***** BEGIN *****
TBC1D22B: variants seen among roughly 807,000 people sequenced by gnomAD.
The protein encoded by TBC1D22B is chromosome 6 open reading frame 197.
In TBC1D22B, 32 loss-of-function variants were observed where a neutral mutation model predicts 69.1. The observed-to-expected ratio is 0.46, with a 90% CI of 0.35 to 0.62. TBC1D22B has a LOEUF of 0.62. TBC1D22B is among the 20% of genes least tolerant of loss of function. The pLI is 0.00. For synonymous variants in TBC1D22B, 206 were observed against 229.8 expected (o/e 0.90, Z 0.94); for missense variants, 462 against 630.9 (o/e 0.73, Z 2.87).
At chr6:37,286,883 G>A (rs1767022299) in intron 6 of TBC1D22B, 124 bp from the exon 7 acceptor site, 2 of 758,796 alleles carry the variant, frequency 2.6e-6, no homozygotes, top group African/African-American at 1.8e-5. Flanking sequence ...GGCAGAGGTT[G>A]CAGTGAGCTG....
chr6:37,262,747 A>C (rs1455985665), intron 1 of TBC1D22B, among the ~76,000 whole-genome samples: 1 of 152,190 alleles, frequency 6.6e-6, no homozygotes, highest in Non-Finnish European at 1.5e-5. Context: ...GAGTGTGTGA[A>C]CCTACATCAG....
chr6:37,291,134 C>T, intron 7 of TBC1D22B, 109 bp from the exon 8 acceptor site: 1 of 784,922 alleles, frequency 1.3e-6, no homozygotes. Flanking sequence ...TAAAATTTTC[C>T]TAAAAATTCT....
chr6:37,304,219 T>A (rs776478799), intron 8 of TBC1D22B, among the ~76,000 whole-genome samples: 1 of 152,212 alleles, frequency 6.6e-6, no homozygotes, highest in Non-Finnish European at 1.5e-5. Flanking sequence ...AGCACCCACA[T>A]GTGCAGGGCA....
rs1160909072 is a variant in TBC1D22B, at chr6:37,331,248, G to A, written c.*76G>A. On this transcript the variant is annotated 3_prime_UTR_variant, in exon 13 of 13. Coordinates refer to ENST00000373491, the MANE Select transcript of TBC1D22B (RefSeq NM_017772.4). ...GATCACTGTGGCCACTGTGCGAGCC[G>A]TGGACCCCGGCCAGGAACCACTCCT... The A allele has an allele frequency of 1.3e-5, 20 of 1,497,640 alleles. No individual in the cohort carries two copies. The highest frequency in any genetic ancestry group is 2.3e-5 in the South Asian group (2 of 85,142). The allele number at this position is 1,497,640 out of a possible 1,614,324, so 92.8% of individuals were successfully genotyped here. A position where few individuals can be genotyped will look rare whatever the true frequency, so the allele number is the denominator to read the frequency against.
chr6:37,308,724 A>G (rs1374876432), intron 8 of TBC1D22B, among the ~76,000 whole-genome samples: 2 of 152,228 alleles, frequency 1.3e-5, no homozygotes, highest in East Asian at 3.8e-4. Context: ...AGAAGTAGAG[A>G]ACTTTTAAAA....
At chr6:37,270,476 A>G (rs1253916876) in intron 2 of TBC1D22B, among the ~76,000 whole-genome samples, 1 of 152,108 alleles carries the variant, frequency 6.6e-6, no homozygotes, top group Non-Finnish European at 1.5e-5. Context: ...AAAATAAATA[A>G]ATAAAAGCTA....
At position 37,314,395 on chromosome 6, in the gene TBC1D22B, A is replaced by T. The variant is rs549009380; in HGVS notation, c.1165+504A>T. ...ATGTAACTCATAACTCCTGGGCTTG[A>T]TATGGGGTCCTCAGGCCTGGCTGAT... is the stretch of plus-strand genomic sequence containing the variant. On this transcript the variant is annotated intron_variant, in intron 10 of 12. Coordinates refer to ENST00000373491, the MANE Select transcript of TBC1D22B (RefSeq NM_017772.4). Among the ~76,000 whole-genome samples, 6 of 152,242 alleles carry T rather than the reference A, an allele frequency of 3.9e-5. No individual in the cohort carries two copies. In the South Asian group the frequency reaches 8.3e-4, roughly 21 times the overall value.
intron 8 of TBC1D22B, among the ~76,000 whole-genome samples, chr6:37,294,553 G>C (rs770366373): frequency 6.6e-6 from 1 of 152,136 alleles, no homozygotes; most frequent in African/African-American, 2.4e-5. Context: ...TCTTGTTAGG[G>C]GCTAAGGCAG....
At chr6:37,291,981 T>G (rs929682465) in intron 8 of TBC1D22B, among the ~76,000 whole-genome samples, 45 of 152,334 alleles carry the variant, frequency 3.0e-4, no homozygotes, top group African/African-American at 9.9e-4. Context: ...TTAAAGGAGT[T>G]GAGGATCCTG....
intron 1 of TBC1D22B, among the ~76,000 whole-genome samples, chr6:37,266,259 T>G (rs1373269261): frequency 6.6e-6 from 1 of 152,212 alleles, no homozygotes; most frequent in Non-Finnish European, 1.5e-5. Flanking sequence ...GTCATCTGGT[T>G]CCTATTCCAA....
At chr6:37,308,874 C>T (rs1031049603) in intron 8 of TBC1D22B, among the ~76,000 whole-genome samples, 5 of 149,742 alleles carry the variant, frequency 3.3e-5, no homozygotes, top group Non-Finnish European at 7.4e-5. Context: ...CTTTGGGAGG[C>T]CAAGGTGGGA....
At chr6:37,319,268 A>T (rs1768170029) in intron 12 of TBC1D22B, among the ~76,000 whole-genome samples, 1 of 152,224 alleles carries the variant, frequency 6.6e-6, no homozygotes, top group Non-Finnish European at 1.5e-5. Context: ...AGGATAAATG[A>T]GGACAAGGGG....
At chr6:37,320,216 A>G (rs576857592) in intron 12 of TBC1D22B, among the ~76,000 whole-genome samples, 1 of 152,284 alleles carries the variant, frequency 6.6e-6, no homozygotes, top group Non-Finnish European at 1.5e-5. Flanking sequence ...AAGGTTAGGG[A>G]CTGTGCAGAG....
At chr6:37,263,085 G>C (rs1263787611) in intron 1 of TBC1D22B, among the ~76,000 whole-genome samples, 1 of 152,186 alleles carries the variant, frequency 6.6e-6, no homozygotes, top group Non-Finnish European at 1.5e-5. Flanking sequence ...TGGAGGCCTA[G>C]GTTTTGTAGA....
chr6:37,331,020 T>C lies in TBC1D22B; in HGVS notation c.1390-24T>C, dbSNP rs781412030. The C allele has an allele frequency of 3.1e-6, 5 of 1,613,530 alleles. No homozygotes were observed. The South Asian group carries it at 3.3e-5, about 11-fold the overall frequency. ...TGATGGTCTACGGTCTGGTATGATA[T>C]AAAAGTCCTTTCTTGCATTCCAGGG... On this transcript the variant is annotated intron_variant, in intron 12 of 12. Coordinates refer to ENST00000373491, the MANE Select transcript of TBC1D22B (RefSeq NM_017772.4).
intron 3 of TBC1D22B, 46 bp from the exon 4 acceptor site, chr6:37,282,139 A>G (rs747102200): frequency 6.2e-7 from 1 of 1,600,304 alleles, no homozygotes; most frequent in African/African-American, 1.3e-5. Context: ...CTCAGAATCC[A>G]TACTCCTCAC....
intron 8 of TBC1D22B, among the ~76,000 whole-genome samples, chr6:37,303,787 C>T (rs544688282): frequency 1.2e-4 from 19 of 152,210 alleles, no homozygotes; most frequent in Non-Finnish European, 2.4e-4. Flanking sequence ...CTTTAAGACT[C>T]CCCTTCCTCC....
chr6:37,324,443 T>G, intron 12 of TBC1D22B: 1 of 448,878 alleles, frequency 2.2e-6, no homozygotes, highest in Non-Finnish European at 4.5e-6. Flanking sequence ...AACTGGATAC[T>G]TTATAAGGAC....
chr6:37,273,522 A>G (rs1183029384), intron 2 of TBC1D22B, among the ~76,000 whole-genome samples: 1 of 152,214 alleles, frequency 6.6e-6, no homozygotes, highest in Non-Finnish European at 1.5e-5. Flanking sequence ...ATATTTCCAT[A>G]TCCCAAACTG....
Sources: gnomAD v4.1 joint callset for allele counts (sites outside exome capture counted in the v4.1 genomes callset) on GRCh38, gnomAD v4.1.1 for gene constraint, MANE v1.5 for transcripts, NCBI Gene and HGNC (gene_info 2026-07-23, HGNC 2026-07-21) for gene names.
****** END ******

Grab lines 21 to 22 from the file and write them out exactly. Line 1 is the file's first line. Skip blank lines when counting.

intron 8 of TBC1D22B, among the ~76,000 whole-genome samples, chr6:37,303,787 C>T (rs544688282): frequency 1.2e-4 from 19 of 152,210 alleles, no homozygotes; most frequent in Non-Finnish European, 2.4e-4. Flanking sequence ...CTTTAAGACT[C>T]CCCTTCCTCC....
chr6:37,324,443 T>G, intron 12 of TBC1D22B: 1 of 448,878 alleles, frequency 2.2e-6, no homozygotes, highest in Non-Finnish European at 4.5e-6. Flanking sequence ...AACTGGATAC[T>G]TTATAAGGAC....